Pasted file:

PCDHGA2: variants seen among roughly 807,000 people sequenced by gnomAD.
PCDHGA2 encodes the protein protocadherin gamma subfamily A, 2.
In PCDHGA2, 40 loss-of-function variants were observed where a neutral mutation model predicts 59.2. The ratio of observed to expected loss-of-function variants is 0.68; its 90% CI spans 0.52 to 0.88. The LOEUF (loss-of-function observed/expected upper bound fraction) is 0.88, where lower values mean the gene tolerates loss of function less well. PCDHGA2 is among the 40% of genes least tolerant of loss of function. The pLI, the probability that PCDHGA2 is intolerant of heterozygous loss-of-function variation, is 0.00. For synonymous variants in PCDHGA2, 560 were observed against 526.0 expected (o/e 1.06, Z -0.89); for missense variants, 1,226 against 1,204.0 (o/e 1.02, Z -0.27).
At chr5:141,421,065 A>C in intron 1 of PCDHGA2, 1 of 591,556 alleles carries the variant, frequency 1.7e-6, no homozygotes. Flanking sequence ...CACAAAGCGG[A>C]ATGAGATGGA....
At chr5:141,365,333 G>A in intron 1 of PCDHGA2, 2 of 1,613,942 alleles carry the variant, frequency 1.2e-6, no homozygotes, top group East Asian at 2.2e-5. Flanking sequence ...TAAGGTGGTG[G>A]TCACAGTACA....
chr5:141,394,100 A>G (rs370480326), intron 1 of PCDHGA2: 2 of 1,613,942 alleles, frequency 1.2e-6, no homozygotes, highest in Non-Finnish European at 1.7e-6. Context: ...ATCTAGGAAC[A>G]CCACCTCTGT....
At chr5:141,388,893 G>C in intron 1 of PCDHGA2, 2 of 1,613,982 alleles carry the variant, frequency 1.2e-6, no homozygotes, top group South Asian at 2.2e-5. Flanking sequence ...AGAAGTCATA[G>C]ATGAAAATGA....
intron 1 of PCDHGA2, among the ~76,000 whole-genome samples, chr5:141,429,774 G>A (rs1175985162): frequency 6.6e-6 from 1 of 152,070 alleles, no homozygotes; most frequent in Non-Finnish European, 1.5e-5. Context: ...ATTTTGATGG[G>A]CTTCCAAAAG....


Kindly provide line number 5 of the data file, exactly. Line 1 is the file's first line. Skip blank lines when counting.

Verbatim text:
At chr5:141,365,333 G>A in intron 1 of PCDHGA2, 2 of 1,613,942 alleles carry the variant, frequency 1.2e-6, no homozygotes, top group East Asian at 2.2e-5. Flanking sequence ...TAAGGTGGTG[G>A]TCACAGTACA....